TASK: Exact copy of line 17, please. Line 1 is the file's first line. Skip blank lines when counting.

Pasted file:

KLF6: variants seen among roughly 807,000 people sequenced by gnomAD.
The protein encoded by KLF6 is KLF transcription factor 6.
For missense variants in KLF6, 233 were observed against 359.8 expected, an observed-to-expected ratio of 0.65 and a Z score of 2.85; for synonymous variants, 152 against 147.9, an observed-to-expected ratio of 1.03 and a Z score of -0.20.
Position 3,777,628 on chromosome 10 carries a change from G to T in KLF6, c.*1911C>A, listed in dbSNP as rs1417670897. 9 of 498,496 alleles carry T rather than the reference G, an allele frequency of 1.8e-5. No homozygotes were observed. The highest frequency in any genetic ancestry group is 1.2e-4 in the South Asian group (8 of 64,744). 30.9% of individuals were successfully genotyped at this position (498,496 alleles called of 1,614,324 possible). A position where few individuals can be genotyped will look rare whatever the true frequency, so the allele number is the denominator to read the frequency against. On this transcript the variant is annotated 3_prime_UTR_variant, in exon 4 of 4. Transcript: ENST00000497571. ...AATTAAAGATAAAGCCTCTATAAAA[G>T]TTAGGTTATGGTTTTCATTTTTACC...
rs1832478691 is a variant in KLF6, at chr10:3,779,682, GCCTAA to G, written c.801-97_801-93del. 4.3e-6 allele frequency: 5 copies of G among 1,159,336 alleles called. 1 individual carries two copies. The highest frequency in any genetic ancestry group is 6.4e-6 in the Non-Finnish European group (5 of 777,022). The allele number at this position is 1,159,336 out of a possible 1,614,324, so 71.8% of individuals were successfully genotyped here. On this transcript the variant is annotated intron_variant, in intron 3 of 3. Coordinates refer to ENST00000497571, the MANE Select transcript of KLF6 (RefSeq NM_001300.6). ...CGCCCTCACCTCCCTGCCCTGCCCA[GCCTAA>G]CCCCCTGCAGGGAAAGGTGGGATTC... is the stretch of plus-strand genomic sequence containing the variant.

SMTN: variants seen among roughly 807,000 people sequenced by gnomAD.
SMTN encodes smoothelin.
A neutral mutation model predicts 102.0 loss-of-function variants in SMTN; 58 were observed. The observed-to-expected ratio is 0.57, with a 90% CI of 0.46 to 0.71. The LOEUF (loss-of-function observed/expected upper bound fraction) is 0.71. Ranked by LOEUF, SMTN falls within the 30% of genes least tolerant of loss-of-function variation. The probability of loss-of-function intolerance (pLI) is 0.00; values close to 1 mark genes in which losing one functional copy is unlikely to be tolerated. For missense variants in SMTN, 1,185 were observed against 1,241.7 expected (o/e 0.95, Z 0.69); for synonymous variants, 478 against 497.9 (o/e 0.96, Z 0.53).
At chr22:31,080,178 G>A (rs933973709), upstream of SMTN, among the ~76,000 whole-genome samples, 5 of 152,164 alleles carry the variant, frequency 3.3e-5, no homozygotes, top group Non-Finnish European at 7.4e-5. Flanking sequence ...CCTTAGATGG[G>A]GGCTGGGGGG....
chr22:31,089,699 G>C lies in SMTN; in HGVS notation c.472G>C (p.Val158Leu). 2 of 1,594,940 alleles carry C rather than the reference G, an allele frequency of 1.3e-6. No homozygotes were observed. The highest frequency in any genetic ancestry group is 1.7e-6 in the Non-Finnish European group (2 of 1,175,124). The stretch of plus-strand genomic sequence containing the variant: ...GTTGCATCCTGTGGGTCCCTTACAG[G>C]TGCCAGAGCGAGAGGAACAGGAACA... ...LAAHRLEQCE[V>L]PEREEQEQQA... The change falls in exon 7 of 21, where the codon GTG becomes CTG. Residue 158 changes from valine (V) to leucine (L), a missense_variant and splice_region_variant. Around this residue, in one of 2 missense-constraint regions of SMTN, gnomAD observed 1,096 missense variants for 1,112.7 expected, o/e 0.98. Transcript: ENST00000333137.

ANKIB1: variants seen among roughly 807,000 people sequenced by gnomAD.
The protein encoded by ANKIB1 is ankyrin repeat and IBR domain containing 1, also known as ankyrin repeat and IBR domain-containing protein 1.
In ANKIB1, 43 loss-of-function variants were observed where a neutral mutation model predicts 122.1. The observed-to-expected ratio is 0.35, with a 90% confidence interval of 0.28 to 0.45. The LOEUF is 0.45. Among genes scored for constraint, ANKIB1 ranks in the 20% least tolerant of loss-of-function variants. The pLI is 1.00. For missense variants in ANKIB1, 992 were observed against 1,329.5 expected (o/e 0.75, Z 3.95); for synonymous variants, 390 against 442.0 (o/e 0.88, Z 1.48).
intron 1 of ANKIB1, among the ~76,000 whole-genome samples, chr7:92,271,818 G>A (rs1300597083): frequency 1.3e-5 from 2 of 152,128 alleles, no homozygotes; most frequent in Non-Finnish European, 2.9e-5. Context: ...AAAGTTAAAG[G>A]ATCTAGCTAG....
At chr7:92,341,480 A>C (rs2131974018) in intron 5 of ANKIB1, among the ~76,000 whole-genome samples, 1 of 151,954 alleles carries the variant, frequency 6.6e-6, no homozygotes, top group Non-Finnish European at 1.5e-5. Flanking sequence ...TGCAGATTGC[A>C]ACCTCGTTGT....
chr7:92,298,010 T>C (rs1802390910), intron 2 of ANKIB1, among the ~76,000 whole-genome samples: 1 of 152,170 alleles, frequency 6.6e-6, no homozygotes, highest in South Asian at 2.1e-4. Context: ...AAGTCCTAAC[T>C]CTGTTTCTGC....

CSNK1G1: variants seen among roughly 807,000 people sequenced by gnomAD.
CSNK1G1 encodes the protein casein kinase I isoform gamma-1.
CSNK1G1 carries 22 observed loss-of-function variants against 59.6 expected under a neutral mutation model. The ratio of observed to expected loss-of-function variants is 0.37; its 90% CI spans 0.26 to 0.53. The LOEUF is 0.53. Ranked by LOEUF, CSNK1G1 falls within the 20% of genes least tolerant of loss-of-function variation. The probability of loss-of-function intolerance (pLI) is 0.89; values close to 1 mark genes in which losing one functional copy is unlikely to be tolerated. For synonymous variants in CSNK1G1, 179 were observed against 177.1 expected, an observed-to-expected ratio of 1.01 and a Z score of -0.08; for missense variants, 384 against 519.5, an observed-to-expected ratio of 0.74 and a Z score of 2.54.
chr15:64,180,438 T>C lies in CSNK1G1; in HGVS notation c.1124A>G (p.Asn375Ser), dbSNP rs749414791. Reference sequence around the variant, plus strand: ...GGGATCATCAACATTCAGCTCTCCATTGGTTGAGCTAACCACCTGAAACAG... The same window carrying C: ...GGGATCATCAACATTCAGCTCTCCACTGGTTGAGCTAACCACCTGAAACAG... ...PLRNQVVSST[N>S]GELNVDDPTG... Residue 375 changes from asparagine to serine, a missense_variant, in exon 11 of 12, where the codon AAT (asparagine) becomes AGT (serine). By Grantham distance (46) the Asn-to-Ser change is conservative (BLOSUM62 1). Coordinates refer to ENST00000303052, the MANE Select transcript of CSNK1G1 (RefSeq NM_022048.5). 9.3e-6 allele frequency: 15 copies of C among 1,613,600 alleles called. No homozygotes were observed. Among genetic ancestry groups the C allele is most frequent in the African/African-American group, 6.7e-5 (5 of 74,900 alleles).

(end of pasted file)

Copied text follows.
CSNK1G1: variants seen among roughly 807,000 people sequenced by gnomAD.